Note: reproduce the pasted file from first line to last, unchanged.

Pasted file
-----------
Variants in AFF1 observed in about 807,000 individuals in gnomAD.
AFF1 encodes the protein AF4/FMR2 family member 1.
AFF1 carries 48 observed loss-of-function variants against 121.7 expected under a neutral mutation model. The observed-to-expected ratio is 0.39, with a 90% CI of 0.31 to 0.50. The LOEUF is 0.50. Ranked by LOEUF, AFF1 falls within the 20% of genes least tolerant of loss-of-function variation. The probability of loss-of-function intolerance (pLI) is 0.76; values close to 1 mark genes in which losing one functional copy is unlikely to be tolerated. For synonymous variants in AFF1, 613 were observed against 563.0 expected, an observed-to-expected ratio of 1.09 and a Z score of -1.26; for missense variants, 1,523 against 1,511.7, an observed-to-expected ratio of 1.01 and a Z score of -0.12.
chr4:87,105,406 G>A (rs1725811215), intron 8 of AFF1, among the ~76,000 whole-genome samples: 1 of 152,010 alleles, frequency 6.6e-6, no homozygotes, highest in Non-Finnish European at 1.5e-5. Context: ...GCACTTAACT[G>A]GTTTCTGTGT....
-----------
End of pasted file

Variants in AFF1 observed in about 807,000 individuals in gnomAD.
AFF1 encodes the protein AF4/FMR2 family member 1.
AFF1 carries 48 observed loss-of-function variants against 121.7 expected under a neutral mutation model. The observed-to-expected ratio is 0.39, with a 90% CI of 0.31 to 0.50. The LOEUF is 0.50. Ranked by LOEUF, AFF1 falls within the 20% of genes least tolerant of loss-of-function variation. The probability of loss-of-function intolerance (pLI) is 0.76; values close to 1 mark genes in which losing one functional copy is unlikely to be tolerated. For synonymous variants in AFF1, 613 were observed against 563.0 expected, an observed-to-expected ratio of 1.09 and a Z score of -1.26; for missense variants, 1,523 against 1,511.7, an observed-to-expected ratio of 1.01 and a Z score of -0.12.
chr4:87,105,406 G>A (rs1725811215), intron 8 of AFF1, among the ~76,000 whole-genome samples: 1 of 152,010 alleles, frequency 6.6e-6, no homozygotes, highest in Non-Finnish European at 1.5e-5. Context: ...GCACTTAACT[G>A]GTTTCTGTGT....